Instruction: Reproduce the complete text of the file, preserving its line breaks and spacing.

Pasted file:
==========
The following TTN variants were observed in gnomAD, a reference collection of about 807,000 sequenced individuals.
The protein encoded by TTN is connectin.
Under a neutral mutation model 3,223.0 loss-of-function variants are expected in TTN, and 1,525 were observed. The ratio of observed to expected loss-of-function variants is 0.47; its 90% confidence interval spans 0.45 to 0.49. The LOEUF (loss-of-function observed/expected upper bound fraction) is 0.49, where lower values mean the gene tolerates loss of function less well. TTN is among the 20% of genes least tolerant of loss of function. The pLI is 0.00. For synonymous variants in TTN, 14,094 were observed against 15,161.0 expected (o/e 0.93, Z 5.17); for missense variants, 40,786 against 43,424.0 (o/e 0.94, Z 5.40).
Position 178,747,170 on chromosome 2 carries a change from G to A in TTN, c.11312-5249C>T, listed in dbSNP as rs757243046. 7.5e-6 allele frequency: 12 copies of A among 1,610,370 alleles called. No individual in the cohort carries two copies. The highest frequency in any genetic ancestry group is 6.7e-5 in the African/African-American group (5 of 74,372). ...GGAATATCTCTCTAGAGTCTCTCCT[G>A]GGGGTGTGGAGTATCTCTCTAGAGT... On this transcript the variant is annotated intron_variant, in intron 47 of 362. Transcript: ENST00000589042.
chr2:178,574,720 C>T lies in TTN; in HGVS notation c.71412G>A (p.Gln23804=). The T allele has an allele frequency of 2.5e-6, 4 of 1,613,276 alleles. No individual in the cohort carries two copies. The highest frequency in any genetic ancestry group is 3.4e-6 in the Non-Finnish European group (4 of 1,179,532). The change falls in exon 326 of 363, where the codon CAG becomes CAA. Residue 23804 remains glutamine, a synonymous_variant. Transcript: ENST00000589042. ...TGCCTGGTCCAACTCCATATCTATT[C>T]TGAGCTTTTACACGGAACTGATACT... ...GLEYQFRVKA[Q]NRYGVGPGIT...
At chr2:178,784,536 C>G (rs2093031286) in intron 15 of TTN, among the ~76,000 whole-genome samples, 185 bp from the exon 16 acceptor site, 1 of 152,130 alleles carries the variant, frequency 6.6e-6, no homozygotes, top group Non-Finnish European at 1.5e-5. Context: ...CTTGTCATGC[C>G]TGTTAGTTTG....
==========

The following TTN variants were observed in gnomAD, a reference collection of about 807,000 sequenced individuals.
The protein encoded by TTN is connectin.
Under a neutral mutation model 3,223.0 loss-of-function variants are expected in TTN, and 1,525 were observed. The ratio of observed to expected loss-of-function variants is 0.47; its 90% confidence interval spans 0.45 to 0.49. The LOEUF (loss-of-function observed/expected upper bound fraction) is 0.49, where lower values mean the gene tolerates loss of function less well. TTN is among the 20% of genes least tolerant of loss of function. The pLI is 0.00. For synonymous variants in TTN, 14,094 were observed against 15,161.0 expected (o/e 0.93, Z 5.17); for missense variants, 40,786 against 43,424.0 (o/e 0.94, Z 5.40).
Position 178,747,170 on chromosome 2 carries a change from G to A in TTN, c.11312-5249C>T, listed in dbSNP as rs757243046. 7.5e-6 allele frequency: 12 copies of A among 1,610,370 alleles called. No individual in the cohort carries two copies. The highest frequency in any genetic ancestry group is 6.7e-5 in the African/African-American group (5 of 74,372). ...GGAATATCTCTCTAGAGTCTCTCCT[G>A]GGGGTGTGGAGTATCTCTCTAGAGT... On this transcript the variant is annotated intron_variant, in intron 47 of 362. Transcript: ENST00000589042.
chr2:178,574,720 C>T lies in TTN; in HGVS notation c.71412G>A (p.Gln23804=). The T allele has an allele frequency of 2.5e-6, 4 of 1,613,276 alleles. No individual in the cohort carries two copies. The highest frequency in any genetic ancestry group is 3.4e-6 in the Non-Finnish European group (4 of 1,179,532). The change falls in exon 326 of 363, where the codon CAG becomes CAA. Residue 23804 remains glutamine, a synonymous_variant. Transcript: ENST00000589042. ...TGCCTGGTCCAACTCCATATCTATT[C>T]TGAGCTTTTACACGGAACTGATACT... ...GLEYQFRVKA[Q]NRYGVGPGIT...
At chr2:178,784,536 C>G (rs2093031286) in intron 15 of TTN, among the ~76,000 whole-genome samples, 185 bp from the exon 16 acceptor site, 1 of 152,130 alleles carries the variant, frequency 6.6e-6, no homozygotes, top group Non-Finnish European at 1.5e-5. Context: ...CTTGTCATGC[C>G]TGTTAGTTTG....